The Fall: 105 “The Vast Abyss” (Finale) Review
Reviewed by Patrick Kavanagh-Sproull.
Allan Cubitt’s gloomy psychological affair came to a close as the net tightened around our resident serial killer, Paul Spector.
The concluding episode of The Fall had a lot to live up to; multiple storylines needed wrapping up, our psychopath needed capturing and the murderer of deceased copper James Olson was still on the loose. Unfortunately nothing was tied up and we were left with only loose ends.
Considering viewers were on tenterhooks for the past five weeks, Allan Cubitt needed to deliver something substantial and he did, in part. “The Vast Abyss” was full of wonderful performances; a particular favourite was Bronagh Waugh who excelled herself as Spector’s wife in their many confrontations. Gillian Anderson was another highlight but she has performed exceptionally well each week. But aside from some solid renditions “The Vast Abyss” disappointed in many ways and I was left seeking more answers and conclusions. The sectarian-based sidelining plot has gone nowhere, the Tyler family trouble has only just begun and now Spector has gotten away. I know The Fall has been commissioned for a second series but I expected something to be wrapped up. Now although “The Vast Abyss” let me down as a series finale it was still a cracking episode.
Allan Cubitt has certainly built himself a world of despair, death and bleakness where infants die, woman are beaten and men commit self-murder in front of colleagues. The Fall is one of television’s darkest programs (although one of the more recent episodes of Game of Thrones shocked the nation to its core) and a recent article in The Guardian concluded that Britain loves feel-bad TV. It’s true; there is something weirdly pleasurable in watching homicide on our screens. ‘Scandinavian noir’ is imported by the boatload and we devour it in seconds. Dark foreign drama always has a distinctly alien feel to it no matter where it is set. The Fall is only in Ireland, a place familiar to many, but the Belfast setting feels distant. That’s why the grim nature of The Fall works, because the land it works in is perceived by viewers as being exotic. Detective Superintendent Gibson is a glacially cool woman who compartmentalizes her life, meaning we know nothing of her lifestyle back in London. This only furthers the strange and unfamiliar world Allan Cubitt has created, I wouldn’t want to live in his Belfast, would you?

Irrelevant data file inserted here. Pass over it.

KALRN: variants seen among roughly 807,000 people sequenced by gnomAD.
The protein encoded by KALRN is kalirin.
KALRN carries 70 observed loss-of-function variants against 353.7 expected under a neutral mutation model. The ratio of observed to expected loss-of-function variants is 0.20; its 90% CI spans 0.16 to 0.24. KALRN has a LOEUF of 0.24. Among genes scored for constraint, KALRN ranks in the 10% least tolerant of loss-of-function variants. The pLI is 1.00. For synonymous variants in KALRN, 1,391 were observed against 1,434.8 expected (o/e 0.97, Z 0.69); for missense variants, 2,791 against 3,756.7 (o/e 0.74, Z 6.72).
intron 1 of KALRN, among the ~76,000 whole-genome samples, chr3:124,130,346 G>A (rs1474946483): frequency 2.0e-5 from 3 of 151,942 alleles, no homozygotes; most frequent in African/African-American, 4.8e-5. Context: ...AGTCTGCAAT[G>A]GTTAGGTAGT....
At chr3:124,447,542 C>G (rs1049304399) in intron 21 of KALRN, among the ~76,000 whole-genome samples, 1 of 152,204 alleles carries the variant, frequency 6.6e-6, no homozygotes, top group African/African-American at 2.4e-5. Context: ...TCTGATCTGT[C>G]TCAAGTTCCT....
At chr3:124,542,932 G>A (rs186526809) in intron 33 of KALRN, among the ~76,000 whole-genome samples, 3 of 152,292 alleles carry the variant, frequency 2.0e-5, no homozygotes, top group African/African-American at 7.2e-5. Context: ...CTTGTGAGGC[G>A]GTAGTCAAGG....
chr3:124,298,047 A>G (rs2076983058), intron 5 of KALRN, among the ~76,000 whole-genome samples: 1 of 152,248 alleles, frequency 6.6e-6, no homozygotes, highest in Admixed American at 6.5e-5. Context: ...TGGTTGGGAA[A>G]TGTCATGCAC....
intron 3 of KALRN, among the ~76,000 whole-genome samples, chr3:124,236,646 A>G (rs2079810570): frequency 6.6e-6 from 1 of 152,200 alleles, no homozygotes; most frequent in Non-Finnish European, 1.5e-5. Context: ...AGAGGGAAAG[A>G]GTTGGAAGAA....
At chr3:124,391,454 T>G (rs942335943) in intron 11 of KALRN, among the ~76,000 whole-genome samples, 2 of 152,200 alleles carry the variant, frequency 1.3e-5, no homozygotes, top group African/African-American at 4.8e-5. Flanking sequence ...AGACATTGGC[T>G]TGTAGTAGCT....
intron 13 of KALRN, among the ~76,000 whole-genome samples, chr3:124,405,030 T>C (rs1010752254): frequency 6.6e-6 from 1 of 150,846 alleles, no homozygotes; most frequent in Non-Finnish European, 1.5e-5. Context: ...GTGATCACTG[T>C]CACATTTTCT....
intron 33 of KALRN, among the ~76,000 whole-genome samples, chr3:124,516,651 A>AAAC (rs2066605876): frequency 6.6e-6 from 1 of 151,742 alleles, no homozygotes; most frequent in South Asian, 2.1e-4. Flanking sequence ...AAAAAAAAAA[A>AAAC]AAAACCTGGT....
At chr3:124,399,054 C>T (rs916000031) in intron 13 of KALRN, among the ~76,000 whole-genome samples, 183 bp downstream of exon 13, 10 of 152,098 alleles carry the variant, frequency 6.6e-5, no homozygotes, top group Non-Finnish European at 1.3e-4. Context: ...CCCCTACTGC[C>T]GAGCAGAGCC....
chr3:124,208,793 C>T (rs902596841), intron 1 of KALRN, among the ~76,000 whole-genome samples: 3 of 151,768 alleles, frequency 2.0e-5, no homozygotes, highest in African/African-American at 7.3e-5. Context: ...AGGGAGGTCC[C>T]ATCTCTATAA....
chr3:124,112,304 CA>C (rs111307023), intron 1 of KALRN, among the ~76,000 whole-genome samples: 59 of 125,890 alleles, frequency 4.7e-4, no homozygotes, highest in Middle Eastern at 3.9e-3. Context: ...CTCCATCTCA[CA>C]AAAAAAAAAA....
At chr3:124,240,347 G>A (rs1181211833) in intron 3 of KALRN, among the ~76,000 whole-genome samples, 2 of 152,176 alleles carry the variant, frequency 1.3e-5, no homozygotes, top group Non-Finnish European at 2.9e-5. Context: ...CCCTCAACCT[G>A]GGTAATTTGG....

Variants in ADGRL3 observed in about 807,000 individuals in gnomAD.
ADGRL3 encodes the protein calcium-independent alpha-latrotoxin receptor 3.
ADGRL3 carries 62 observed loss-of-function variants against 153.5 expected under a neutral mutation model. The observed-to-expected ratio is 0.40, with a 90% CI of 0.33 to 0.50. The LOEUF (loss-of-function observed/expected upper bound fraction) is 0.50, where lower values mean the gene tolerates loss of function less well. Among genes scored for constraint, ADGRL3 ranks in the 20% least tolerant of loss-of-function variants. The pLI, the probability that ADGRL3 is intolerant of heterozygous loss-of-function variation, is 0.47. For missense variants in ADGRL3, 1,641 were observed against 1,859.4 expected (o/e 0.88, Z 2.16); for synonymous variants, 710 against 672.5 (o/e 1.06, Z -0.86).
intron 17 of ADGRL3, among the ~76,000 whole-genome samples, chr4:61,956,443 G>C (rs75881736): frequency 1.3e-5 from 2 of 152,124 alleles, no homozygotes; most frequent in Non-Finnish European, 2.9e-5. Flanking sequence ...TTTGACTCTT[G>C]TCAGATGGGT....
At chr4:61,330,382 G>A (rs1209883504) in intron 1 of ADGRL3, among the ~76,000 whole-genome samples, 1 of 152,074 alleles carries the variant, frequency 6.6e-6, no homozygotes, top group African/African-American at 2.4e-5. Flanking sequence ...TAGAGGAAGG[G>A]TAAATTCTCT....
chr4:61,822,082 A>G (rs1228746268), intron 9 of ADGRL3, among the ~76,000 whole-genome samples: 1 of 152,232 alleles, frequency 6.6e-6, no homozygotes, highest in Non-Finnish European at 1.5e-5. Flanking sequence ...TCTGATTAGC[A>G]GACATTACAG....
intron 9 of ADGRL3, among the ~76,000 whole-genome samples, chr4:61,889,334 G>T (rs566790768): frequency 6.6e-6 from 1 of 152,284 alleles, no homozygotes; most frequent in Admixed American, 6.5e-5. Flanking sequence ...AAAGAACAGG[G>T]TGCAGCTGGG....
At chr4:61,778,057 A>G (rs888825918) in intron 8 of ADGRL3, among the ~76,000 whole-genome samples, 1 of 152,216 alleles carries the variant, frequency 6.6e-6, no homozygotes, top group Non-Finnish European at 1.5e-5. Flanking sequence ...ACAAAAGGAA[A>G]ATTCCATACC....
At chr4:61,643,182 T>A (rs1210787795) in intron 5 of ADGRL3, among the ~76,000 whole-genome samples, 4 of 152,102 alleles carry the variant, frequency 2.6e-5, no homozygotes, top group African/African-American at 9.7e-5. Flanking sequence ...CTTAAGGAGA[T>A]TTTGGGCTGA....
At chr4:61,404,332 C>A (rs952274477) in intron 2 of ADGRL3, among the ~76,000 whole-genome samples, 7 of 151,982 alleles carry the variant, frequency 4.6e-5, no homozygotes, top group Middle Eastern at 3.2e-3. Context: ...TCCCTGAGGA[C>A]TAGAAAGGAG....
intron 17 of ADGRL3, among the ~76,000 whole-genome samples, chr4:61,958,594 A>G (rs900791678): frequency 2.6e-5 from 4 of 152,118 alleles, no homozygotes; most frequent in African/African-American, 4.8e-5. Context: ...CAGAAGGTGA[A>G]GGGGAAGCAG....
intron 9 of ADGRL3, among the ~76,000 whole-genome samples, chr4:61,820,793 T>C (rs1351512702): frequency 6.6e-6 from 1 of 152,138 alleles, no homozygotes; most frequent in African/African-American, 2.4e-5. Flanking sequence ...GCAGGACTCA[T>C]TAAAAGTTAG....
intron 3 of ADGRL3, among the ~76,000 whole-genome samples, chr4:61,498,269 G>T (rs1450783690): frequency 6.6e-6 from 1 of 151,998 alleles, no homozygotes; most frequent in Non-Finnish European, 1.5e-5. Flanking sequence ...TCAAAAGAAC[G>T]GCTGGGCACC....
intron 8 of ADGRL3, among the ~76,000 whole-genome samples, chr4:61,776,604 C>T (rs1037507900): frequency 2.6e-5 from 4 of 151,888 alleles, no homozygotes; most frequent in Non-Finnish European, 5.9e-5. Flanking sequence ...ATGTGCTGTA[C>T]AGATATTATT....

Once a second series of The Fall was announced then I instantly knew a cliffhanger would be on the horizon. However, what we got – the announcement that Annie Brawley (the formerly comatose accountant that has seen Spector’s face prior to his murder attempt last week) had awoken wasn’t shocking or compelling at all. I’m intrigued but not on the edge of my seat awaiting the next series. Allan Cubitt has defended his decision at leaving such a loose ending, but I still think he should have resolved at least some of hanging questions, as the final ten minutes of The Fall were a considerable disappointment.
“The Vast Abyss” let me down; it didn’t answer any of the questions that I had on my mind and it left on an ambiguous note that was not to my liking. But still, despite these flaws it came out as a thoroughly watchable and interesting piece of drama. Gillian Anderson is my new favourite actress, Jamie Dornan will be getting hundreds of job offers now and Allan Cubitt is a writer whose future work I will be following. Looking back at The Fall I think of it as a huge success and I will certainly be back for more. What the series certainly didn’t do was… fall.